Canadian Labels Agree to Pay Songwriters $47.5 Million ( News from )

By Glenn Peoples

Canada’s four major record labels have agreed to pay $47.5 million (U.S. $48 million) in damages to songwriters for copyright infringement and overdue royalties, the Toronto Sun reports. As part of their settlements the labels also agree to work together to create improved licensing systems.
The 2008 class action lawsuit, led by the estate of jazz musician Chet Baker, alleged that the four major labels had reproduced and sold over 300,000 song titles without securing the proper licenses or paying royalties. The lawsuit relates only to physical product, not digital downloads or other digital products.


A hearing for the court’s approval of the settlement will take place on February 15.


For audio royalties, according to settlement term sheets, Universal Music Canada will pay $17.5million, Sony Music Canada will pay no less than $17.3 million, EMI Music Canada will pay $7.3 million and Warner Music Canada will pay $5.5 million.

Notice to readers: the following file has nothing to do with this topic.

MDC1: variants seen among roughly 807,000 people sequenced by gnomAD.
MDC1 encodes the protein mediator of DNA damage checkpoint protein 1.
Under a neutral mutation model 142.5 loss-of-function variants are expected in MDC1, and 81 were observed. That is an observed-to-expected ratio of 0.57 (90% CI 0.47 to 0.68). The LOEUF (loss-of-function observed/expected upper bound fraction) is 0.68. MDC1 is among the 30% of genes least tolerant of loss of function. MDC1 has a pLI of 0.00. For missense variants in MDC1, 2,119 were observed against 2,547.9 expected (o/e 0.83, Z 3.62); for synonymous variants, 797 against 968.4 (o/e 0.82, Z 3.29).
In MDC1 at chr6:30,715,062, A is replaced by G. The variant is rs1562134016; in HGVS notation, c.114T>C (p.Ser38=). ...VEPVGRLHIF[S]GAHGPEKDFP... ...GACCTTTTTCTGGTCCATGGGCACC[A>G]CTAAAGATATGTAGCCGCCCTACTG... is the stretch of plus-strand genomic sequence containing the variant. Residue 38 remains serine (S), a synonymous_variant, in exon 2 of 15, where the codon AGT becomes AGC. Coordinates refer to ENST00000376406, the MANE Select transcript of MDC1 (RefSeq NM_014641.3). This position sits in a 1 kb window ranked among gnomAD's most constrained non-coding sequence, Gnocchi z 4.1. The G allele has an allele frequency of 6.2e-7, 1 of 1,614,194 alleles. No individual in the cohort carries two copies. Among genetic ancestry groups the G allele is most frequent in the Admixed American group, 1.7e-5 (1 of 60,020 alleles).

Class members will be paid in relation to the amount of royalties accrued by the labels on their pending lists, which kept track of musical works that had been reproduced without previously acquiring the proper licenses or paying the copyright owners.
Two performing rights organizations, Canadian Musical Reproduction Rights Agency (CMRRA) and Société du droit de reproduction des auteurs, compositeurs et éditeurs au Canada (SODRAC), were named in the lawsuit but have cooperated in return for being cleared of liability. CMRRA and SODRAC will act as settlement administrator and will be paid a commission of 10% of all payments made into the settlement trust, according to settlement term sheets.
A licensing agreement is also part of the settlement but has yet to be drafted. Mechanical licensing of audio products released after December 31, 2011 will be governed by a licensing agreement between the labels, CMRRA and SODRAC. The parties agree to “take immediate steps” and work “collaboratively” to “develop the necessary systems and capacity to implement the licensing standards” laid out by the settlement.



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